Michelson A. A. Light waves and their uses (1903)

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Microscope, Telescope, Interferometer 41

as the bed of the instrument. One end of this bed has fastened to it a heavy metal plate i7, which carries the three glass plates A, Z), and B, The plate A is held in a metal frame which is rigidly fastened to the plate H. The frame which holds B can be turned slightly about a vertical axis to allow of adjusting B so that it is parallel to A.

The mirror D is held by springs against three adjusting screws which are set in a vertical plate attached to the end of the plate H. Both C and D are silvered on their front faces. The frame which holds the mirror C is firmly mounted on a metal slide which can be moved by the screw S along the ways EF. One very essential feature of the apparatus is that these ways shall be so true that the mirror C shall remain parallel to itself as it is moved along. The accuracy of the ways must be so great that the greatest angle through which the mirror C turns in passing along them is less than one second of an arc.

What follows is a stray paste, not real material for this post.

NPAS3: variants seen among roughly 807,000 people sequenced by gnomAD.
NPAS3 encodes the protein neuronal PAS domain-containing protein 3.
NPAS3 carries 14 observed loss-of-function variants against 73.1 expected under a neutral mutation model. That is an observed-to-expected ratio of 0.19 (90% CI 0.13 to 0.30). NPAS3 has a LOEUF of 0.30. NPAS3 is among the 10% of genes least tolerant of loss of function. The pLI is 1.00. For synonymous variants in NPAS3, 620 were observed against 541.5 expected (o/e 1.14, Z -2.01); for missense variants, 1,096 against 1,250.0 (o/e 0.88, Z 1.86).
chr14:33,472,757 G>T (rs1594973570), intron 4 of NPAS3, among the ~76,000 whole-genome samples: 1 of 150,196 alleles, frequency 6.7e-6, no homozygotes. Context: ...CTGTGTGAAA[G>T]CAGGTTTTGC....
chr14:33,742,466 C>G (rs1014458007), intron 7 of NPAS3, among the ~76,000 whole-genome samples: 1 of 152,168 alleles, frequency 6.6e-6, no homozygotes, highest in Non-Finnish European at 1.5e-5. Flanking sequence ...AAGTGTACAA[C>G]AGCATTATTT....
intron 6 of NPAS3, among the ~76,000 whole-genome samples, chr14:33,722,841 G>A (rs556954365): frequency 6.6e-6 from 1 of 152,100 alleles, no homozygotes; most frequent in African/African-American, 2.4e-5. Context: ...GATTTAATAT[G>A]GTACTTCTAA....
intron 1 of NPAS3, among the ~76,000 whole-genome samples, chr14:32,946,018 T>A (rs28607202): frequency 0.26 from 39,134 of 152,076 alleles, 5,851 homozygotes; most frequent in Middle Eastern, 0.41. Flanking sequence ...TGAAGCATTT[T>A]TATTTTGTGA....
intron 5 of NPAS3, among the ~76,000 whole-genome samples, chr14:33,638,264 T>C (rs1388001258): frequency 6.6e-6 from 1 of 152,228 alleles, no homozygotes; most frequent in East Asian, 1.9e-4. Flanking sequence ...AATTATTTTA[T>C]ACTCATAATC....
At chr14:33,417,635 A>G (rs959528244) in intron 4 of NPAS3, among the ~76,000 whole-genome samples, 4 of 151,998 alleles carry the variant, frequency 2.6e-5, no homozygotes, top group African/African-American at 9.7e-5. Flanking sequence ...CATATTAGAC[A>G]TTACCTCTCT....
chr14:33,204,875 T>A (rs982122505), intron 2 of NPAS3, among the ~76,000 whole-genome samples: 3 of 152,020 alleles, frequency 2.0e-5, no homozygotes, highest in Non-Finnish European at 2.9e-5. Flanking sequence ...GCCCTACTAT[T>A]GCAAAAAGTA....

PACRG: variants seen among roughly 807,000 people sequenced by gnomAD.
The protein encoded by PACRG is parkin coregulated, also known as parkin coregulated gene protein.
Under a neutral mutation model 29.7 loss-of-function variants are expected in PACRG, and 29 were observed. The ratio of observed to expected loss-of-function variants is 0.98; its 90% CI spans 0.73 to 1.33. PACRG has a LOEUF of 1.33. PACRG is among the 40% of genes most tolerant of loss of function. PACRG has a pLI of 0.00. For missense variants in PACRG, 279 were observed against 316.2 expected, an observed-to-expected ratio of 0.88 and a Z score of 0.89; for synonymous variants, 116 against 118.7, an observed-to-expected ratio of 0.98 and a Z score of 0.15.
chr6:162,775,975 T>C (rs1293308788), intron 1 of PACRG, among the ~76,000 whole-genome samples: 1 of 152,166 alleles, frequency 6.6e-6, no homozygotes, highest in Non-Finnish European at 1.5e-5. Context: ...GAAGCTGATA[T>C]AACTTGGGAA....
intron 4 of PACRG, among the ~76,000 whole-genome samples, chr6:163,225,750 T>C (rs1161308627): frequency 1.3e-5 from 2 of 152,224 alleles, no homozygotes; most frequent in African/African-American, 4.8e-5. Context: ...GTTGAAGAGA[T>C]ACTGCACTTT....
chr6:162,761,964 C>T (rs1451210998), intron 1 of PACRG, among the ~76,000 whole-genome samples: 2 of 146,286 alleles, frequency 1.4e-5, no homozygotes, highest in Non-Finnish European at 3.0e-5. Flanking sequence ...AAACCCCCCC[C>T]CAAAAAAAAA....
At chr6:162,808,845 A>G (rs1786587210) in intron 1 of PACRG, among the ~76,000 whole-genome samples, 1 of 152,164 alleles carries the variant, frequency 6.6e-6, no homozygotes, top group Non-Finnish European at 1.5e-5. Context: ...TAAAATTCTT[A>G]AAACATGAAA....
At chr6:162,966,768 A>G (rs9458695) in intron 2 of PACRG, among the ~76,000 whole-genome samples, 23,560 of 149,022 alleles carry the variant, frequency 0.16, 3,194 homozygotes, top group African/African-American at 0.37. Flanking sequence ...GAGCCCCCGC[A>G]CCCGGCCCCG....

This accuracy cannot be attained by the instrument maker, but the final grinding must be done by the investigator himself.

To adjust the instrument so that fringes are formed, a small object like a pin is held between the source and the plate A. Two images of this pin will be seen by an observer at O—one formed by the light which is reflected from C, and the other by that reflected from Z). The fringes in


Light Waves and Their Uses

monochromatic light will appear when these two images have been made to coincide with the help of the adjusting screws ss. The fringes in white light appear only when the lengths of the two paths AD and AC are the same. The

FIG. 40

width and the position of the fringes in the field of view can be varied by slightly moving the adjusting screws. We shall have occasion to discuss this particular form of interferometer in a subsequent lecture.


1. The objection to the wave theory of light, that light moves in straight lines while sound waves can bend around an obstacle, is shown to be groundless, since we have seen that if the sound waves are sufficiently short they cast a sound shadow, while by devices which take into account the